By Steven Caringella autumn hancock Barbara Finkle Sonia Castaneda
Table of Contents: Overview Think.com Learning about Think.com and Netiquette About Me Five-Paragraph Essay Multiple Intelligences Multiple Intelligence Survey M. I. Based Presentation Interest Presentations Interests Adele Harrison Middle School Project Summary, Reflection, and Student Sample Egan Junior High Project Summary, Reflection, and Student Sample Oster Elementary Project Summary and Reflection Zanker Elementary Project Summary, Reflection, and Student Sample Timeline Project Timeline Resources Resources Internet Resources URLs Resources
Students will discover, explore and capitalize on individual interests and dominant intelligences. They will apply these strengths in their projects as they collaborate and will produce several learning products.
Learning about Think.com and Netiquette
Prior to introducing students to Think.com, the teachers will have explained the project and website to the parents. Parents will be encouraged to use the Think.com parent website as a means to stay more connected to what their children are doing in the classroom, thus keeping the parents involved and informed of the project.
Students will be taught appropriate and safe use of the Internet through lessons provided by Think.com and Netsmartz.org
Students will be introduced to Think.com and will set up their pages to be ready for the project.
Each student will be assigned two students from the other schools, one in their own grade level and one from the other grade level. They will read and respond to their partners uploaded work on Think.com throughout the duration of the project.
The students will write an introductory essay about themselves. A variety of writing resources will be used, including Scholastic "10 Easy Writing Lessons That Get Kids Ready For Writing Assessments", as well as Step Up to Writing.
Students will be read and respond to the essays of one or two partners assigned to them from the other schools, using think.com.
ELA.4.2.1. Write narratives: a. Relate ideas, observations, or recollections of an event or experience. b. Provide a context to enable the reader to imagine the world of the event or experience. c. Use concrete sensory details. d. Provide insight into why the selected event or experience is memorable.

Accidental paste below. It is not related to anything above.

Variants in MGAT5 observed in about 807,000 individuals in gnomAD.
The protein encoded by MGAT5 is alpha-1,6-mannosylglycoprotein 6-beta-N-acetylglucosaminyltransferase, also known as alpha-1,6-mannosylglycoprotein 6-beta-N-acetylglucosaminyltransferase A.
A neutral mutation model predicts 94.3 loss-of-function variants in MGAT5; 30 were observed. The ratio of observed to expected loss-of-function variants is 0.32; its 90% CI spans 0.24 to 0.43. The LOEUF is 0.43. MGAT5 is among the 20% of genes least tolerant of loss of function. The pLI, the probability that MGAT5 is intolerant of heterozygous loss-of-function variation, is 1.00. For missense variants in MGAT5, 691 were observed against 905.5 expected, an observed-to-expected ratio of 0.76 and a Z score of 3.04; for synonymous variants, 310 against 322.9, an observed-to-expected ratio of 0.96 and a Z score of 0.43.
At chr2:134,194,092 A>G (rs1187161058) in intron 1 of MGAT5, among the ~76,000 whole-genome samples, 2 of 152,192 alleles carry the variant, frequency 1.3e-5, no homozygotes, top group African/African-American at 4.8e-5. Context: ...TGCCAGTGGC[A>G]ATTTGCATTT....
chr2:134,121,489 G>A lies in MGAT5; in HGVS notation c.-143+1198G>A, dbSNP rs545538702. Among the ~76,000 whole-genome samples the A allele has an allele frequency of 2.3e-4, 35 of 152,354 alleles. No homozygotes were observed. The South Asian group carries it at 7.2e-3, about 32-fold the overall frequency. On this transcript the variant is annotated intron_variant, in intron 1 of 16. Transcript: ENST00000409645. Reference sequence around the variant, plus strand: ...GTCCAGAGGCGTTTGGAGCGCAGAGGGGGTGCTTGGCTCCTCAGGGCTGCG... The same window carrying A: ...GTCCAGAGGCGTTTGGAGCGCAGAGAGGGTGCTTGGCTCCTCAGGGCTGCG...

Multiple Intelligence Survey
Students will complete a multiple intelligence survey to determine their strongest areas within the Multiple Intelligence framework.
M. I. Based Presentation
Teachers will introduce a concept.
Students will be grouped according to their M. I. strengths to develop lessons utilizing strategies and activities that capitalize on that M. I.
These presentations will be recorded and posted on Think.com project pages to share with the other schools.
Students form the other schools will listen and give feedback.
Each student will post a reflection of their experience utilizing their multiple intelligence.
Groups will be formed around common interests.
By making use of their unique multiple intelligences, each student will contribute to the creation of a lesson that will be presented to the class about that common interest.
Groups will plan, research, write storyboards and scripts to present to their own class.
The teacher will record the presentations with an audio device, so that they can be uploaded and shared with other schools by posting them on their Think.com Interest Presentation pages.
Students will then write reflections on the group experience with this activity and post it on their Think.com pages.
Through this activity, the students will gain an introduction to podcasting.
Students from the other schools will listen to the podcasts and write responses to the audio presentations on their think.com pages.
Adele Harrison Middle School:
Project Summary, Reflection, and Student Sample
Last year I had done an EWYL project with some of the students. In my class this year I had four of the students from last year and the rest were all new students. I have 17 ELL students’ all-together five RSP students; one beginner in English and the rest vary from early intermediate-to-intermediate levels of Spanish. I introduced Think.com to the students using an LCD machine. Soon after they were shown what it was we used the new laptops that are on a mobile cart. The students were very exited to be trying something new. It was a challenge because so many of them do not have computers at home and was their first time navigating the internet. I have an aid that helps me and between the two of us we had all the kids adding information on the site. I explained to the students that we were going to work with three other schools and that they were going to have partners. The students were so excited about the email option in Think.com. Even though we did not use this feature with other schools, the students used a feature called stickies and were thrilled to leave messages for their partners.
All About Me